But as psychiatrist Dr Richard Fitzgibbons notes below, the welfare of children is a key reason for trying to save marriages. Not all optimism is merely romantic, just as pessimism is not necessarily realistic. Today marriage and family life are being severely traumatized by the divorce epidemic, the explosion of selfishness which is the major enemy of marital love, and failure to understand and address serious emotional conflicts.
Around one million children a year in the United States are victimised by divorce. The toll from marital conflicts can be severe and debilitating. Selfishness, excessive anger and behaviours that are controlling, emotionally distant and mistrustful cause grave harm to spouses and children. The loyal spouses who are victimized are often incorrectly blamed as being the primary cause of the marital conflict. These conflicts and their resolution through growth in virtues are rarely addressed in the mental health literature on marriage.
In my experience the spouse that initiates divorce often has the most serious psychological difficulties. These are often unconscious wounds they have brought into the marriage. They arise primarily from hurts in the father relationship and secondarily from hurts in the mother relationship, or from giving into selfishness. These unresolved are on the periphery of the deep goodness in each spouse, the goodness that led to strong love, commitment and marital vows. When they are resolved, trust grows and love is regularly rediscovered.
An understanding of the nature of marriage is also essential to safeguarding marital love. At the present time, there are two markedly different views on the marriage. Sociologist Dr Brad Wilcox refers to them as the traditional Judeo-Christian view of marriage and the more prevalent psychological view. Wilcox, B. The Evolution of Divorce. It is characterized by a strong sense of subjective happiness in marriage, usually to be found in material comfort and through an intense, emotional relationship with one's spouse and others.
The role of virtues has been viewed in Western Civilization as being essential in the development of a healthy personality. The mental health field has grown recently to appreciate this approach and a new field, positive psychology, has developed — notably by Dr Martin Seligman and colleagues.
Seligman, M. Character Strengths and Virtues Positive psychology promotes the development of virtues to address and resolve cognitive, emotional, behavioural and personality conflicts, including those in marriage. My own particular contribution to this new field is in the use of forgiveness in treating the excessive anger that is present in most psychiatric disorders and in marital conflicts.
My own clinical experience is supported by research that demonstrates that 70 percent of adult psychological conflicts are the result of unresolved issues from childhood. Most spouses do not deliberately set out to hurt the person they have vowed to honor and love all the days of their lives. The good news is that selfishness, excessive anger; mistrustful, controlling and emotionally distant behaviors, loneliness and insecurity, and the poor communication patterns that harm many marriages can be correctly identified and in many marriages resolved, especially if there is a faith component in the healing process.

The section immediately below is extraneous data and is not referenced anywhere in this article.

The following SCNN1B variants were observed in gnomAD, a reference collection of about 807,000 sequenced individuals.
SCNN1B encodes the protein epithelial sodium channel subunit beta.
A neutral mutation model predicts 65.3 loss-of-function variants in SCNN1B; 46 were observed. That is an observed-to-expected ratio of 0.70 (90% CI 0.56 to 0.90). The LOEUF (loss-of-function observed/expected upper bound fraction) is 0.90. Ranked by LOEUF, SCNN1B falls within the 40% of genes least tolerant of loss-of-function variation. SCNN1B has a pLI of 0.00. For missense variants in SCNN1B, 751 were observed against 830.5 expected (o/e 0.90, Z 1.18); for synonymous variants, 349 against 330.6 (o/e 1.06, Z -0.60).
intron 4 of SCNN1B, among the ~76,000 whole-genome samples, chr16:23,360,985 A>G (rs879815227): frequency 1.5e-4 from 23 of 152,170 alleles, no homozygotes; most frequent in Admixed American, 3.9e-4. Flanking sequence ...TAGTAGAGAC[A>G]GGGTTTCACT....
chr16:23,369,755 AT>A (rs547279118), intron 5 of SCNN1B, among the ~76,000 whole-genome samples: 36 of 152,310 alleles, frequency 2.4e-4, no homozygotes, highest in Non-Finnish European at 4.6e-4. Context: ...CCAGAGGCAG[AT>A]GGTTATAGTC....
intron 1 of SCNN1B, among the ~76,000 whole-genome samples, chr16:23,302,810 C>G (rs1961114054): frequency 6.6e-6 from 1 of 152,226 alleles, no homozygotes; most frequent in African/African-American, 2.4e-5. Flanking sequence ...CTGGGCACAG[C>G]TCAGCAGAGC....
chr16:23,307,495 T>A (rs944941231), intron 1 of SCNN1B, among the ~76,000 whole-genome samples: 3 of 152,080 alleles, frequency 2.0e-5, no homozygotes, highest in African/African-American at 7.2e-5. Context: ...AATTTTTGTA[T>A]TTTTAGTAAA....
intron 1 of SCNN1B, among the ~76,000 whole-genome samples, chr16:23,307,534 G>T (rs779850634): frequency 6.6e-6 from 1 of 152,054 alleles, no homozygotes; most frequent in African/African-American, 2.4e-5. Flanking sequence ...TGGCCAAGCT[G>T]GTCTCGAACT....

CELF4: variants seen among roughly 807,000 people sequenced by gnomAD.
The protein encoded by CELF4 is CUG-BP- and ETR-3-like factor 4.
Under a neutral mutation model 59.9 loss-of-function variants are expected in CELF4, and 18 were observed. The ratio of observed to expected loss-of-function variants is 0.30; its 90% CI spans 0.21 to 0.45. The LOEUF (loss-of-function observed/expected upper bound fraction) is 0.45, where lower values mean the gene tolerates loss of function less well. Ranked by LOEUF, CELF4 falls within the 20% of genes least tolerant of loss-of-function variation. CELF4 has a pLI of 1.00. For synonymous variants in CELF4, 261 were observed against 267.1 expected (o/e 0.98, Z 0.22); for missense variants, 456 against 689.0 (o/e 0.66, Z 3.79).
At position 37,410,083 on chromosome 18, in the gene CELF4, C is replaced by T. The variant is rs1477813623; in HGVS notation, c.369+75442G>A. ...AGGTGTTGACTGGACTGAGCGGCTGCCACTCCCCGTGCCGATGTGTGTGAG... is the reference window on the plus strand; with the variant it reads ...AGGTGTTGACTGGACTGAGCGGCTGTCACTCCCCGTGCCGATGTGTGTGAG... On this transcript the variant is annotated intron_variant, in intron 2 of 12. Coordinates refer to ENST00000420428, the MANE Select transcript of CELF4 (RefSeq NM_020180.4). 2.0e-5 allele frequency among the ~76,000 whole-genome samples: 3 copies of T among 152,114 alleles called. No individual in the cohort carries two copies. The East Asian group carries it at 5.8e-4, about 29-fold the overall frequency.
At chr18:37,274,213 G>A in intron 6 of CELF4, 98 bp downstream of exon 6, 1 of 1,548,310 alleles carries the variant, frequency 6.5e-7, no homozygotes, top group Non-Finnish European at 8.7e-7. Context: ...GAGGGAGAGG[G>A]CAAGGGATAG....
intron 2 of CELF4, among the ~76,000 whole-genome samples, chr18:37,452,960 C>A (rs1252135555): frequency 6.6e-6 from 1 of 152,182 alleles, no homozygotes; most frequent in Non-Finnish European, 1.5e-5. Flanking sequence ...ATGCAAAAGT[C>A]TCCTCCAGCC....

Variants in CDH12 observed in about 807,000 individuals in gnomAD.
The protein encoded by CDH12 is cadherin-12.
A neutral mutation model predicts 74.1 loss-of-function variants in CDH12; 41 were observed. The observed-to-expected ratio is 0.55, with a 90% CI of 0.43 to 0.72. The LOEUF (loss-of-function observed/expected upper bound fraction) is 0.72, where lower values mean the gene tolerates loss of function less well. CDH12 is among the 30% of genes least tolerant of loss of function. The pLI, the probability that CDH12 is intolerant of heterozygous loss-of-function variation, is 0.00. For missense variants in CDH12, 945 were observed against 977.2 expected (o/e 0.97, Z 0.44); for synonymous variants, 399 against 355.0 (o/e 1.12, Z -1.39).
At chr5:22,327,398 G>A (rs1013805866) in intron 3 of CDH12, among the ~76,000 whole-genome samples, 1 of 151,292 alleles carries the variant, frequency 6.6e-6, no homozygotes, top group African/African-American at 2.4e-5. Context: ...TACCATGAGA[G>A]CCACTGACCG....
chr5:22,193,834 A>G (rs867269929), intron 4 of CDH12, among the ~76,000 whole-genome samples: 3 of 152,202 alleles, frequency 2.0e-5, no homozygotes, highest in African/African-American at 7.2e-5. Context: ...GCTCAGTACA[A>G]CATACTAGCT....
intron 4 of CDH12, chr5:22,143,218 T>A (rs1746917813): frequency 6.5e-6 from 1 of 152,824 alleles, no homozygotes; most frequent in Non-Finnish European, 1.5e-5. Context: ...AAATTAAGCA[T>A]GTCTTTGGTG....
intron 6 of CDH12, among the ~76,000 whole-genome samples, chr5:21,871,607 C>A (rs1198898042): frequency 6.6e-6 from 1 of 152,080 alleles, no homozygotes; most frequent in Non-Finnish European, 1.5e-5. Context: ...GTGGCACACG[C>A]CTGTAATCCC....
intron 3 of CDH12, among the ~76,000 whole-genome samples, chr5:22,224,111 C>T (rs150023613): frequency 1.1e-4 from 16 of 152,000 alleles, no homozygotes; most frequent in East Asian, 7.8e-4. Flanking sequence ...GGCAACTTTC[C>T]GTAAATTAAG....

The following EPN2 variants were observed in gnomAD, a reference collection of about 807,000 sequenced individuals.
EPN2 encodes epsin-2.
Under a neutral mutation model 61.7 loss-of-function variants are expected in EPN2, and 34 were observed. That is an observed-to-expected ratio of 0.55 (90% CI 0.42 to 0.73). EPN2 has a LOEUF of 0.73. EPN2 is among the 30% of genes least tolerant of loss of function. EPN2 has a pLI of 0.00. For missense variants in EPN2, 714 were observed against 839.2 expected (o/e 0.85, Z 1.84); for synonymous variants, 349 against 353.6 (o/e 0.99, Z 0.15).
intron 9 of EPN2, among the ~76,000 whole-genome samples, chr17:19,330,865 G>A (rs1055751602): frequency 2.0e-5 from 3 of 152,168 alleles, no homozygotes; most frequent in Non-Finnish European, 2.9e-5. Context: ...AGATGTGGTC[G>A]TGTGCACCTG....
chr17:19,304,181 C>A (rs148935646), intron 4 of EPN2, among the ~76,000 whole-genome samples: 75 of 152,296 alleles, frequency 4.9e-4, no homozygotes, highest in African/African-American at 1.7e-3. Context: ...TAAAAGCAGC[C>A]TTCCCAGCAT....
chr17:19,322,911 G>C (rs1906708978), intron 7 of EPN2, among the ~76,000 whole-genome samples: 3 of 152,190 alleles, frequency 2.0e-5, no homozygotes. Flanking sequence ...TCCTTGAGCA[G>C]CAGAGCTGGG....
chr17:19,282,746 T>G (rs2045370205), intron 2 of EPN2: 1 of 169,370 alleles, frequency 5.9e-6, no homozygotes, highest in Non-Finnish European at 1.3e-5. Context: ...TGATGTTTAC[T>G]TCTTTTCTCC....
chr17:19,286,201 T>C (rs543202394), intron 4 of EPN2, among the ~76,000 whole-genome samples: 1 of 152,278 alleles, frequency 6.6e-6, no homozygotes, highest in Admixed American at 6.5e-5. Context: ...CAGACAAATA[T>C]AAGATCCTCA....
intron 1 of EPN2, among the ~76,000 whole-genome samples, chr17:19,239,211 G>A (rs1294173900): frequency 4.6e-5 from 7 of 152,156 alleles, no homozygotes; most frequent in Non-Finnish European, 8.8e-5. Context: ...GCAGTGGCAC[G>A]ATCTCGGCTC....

But we also have to prevent marital conflict and divorce by educating young adults about how the most common relationship stresses can be uncovered and resolved. Singles can then be more hopeful about having a successful marriage, and the retreat from marriage — itself partly attributable to the experience of divorce in families — can be reversed. Change is difficult for most of us and grief around those changes is inevitable. If you have children the grief is compounded as they too will have to deal with the changes that divorce brings about.
As a parent, we not only grieve the loss of our own hopes and dreams, we also grieve for the pain and loss that our children experience. Healing the Love Wound: Relationships After Divorce is a book that began as a weekend workshop designed to help the participants move through the trauma and grief that comes with divorce.
It now is available to everyone who needs to find some peace, information and healing as they travel across the bridge from married to single again. The desire to rebuild a new life with another partner is a natural and strong drive for most of us. This book takes the reader through the grief process as it unfolds in real life. It talks about the passages that most people go through on the way to healing their heart after their divorce by helping define the kind of relationships that develop at every developmental stage of the healing process.
It helps guide its reader through the maze of questions that are most frequently asked when dating begins again and identifies the feelings that so often fill the newly divorced with confusion. Written in simple, short and easy to understand chapters followed by a short recap of the information in it entitled Keep In Mind allows the reader the ability to refresh understanding of the material without having to re-read the entire chapter.
Healing the Love Wound is helpful, easy and inspired writing. Using the experiences of hundreds of divorced individuals, it shares personal experiences, wisdom and points the way toward healing. It may be the book youve been looking for to help you through those tough times!
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